Written by Matthew Durkin – Volunteer at ACAA The ACAA is thrilled to announce that we have been…
Written by Matthew Durkin – Volunteer at ACAA
The ACAA is thrilled to announce that we have been awarded the Queens Award for Voluntary Service.
When Dr. Nooralhaq Nasimi first launched the Afghanistan and Central Asian Association in 2001 as a community group for the small but growing Afghan community in London, he hardly could have imagined that within just 18 years the organisation would be transformed into a thriving grassroots charity that plays a vital role in helping London’s refugees. This extraordinary journey has been propelled by the tireless efforts and dedication of the charities volunteers and this year their selfless contributions have been recognised by the highest possible award for British volunteer groups, the Queen’s Award for Voluntary Service.
ACAA director, Dr. Nooralhaq Nasimi, described the award as “recognition of the hard work the ACAA team have put into helping refugees integrate and settle into British culture, so that one day, they can too, give back to the community.”
The award has been described as the MBE of the charity world and is presented in recognition of the key role and contributions of volunteers towards outstanding charitable work. We at the ACAA are incredibly proud the central role volunteers play in every aspect of the charities operation and are honoured to accept the award on their behalf. Volunteers are key to every aspect of the charities work and take on responsibilities as diverse as delivering lessons, writing funding applications, designing new services and advising beneficiaries on housing issues.
The incorporation of volunteers into every aspect of the organisation also helps give the ACAA its unique atmosphere and culture. The central aim of the ACAA is to bring communities together and one of the ways we achieve this is by bringing together a diverse group of volunteers united by a common goal of helping some of societies most marginalised people. Cross cultural and interfaith dialogue and cooperation occurs everyday at the ACAA office and contributes to our open door and inclusion policies.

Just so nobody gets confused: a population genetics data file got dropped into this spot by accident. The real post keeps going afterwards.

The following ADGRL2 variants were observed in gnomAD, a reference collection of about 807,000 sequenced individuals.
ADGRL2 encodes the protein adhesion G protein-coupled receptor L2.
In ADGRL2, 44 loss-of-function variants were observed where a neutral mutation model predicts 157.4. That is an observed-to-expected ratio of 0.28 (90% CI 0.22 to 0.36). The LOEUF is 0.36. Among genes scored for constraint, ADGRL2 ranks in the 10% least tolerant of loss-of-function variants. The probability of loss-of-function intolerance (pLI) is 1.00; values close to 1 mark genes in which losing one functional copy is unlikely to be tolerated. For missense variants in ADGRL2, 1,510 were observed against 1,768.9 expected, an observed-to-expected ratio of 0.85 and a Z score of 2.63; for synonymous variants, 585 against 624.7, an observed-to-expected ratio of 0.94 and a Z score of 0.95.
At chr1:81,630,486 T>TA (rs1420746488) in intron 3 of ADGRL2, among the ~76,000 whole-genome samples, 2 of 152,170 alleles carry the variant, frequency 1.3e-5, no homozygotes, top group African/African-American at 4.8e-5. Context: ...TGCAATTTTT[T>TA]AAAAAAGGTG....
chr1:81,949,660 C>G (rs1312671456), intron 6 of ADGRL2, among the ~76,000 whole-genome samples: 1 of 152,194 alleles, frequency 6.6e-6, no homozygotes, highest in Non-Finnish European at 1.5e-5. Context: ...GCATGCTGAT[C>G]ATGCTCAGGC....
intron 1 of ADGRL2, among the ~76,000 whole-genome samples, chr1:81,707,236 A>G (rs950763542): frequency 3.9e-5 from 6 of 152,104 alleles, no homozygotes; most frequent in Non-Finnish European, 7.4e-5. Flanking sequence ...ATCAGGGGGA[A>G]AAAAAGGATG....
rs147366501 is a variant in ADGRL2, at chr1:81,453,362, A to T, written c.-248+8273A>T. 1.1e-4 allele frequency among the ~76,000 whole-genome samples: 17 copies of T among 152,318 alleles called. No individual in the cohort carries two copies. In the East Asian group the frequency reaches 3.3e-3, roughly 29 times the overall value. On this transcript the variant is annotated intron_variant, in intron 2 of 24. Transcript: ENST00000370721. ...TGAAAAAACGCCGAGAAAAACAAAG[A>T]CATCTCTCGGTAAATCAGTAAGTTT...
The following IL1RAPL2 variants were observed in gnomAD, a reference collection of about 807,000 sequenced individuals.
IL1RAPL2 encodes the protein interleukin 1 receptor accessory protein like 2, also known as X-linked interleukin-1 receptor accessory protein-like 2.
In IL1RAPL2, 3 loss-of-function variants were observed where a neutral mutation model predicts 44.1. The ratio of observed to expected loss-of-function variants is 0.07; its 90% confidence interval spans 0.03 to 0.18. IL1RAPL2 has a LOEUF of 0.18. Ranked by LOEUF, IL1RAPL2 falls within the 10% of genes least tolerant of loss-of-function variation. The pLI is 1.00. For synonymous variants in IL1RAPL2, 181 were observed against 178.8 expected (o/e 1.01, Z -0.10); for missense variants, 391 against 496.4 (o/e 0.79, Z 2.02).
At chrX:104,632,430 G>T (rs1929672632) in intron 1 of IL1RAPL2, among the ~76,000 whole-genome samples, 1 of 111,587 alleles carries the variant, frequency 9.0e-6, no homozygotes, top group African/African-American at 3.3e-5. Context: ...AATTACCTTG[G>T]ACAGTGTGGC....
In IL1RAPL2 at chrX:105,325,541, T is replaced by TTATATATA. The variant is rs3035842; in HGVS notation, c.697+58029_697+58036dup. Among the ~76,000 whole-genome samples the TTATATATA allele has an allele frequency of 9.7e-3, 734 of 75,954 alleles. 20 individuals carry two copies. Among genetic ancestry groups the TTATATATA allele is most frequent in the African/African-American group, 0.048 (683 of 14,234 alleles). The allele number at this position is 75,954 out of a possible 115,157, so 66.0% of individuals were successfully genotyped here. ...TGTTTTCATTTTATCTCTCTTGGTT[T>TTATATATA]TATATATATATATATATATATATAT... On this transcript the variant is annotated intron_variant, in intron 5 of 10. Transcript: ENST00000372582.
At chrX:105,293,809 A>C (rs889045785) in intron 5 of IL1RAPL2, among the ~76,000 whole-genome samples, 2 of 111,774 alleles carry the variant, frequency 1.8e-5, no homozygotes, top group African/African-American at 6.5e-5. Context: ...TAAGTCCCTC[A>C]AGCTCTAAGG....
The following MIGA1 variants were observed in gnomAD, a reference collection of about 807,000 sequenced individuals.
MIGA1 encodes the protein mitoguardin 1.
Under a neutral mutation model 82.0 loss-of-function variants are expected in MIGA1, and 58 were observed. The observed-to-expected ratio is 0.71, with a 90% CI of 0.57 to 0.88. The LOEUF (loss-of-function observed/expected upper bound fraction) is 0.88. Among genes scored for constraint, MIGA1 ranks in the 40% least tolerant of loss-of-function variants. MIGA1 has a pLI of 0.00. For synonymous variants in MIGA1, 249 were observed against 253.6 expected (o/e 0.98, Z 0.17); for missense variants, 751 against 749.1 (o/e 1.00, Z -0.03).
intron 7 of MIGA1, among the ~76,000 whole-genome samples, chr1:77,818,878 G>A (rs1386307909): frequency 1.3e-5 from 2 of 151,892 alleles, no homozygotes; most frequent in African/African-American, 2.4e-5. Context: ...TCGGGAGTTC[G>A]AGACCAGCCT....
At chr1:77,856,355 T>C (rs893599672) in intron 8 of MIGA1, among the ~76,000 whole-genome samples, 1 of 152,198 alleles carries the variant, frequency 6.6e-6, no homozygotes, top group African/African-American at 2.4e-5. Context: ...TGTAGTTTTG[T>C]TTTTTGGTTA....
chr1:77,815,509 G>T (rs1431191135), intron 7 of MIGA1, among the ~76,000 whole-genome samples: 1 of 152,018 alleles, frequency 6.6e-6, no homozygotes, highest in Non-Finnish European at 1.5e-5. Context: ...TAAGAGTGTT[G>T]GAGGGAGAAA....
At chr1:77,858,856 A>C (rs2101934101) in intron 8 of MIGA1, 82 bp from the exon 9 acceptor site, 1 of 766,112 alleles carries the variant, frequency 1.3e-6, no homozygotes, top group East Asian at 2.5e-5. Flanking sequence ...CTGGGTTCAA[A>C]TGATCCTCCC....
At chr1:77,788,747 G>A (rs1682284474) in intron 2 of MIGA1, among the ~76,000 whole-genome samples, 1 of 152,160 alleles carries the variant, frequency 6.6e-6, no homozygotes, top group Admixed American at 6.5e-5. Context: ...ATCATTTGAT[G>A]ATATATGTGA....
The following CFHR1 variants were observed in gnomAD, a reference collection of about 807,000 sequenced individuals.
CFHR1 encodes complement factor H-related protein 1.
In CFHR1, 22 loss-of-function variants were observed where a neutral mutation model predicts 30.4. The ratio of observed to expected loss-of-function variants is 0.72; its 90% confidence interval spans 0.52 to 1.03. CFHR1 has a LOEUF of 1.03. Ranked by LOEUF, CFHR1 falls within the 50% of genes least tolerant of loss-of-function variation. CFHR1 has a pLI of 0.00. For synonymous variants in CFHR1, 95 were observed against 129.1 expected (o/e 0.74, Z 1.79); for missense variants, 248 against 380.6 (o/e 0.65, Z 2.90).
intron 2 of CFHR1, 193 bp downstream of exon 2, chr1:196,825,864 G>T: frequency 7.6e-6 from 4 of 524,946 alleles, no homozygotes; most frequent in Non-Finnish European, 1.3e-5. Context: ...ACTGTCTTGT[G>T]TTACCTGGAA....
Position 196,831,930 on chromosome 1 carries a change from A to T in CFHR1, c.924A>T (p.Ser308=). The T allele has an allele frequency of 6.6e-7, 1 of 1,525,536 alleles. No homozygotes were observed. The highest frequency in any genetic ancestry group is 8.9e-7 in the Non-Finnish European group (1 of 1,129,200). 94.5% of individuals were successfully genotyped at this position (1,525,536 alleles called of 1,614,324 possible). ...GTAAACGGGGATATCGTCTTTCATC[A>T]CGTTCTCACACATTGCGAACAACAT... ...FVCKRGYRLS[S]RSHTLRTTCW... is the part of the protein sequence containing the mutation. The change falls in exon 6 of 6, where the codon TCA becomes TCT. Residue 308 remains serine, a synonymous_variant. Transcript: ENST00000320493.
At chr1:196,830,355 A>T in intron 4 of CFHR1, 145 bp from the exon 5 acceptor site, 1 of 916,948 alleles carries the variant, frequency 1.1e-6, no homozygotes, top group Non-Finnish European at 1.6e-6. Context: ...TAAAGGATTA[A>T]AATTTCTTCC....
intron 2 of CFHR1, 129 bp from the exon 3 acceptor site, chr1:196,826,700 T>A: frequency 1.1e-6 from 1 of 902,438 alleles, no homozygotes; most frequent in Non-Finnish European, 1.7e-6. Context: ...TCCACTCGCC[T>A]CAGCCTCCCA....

“We hope that at ACAA, we can continue our work to improve our services, so that we can facilitate crucial dialogue and understanding of the different cultures and faiths within Britain, and enable refugee communities to flourish in the UK.” – Dr. Nooralhaq Nasimi
Every service the ACAA offers is delivered by volunteers who also carry out much of the day to day administration and back office work that keeps the charity running, but volunteers benefit from this arrangement as well. They have the opportunity to gain experience in a wide range of areas, from project management to strategy and planning to communication and external relations. The ACAA strives to ensure we maintain a symbiotic relationship with all volunteers, ensuring that they learn and gain as much from us as we do from them. Ultimately, however, volunteers are still giving up their time unpaid simply for the joy of helping those less fortunate.
On the 2nd of June the ACAA accepted the Queens Award for Voluntary Service on behalf of all our volunteers and we would like to take this opportunity to thank them for the hard work and invaluable support.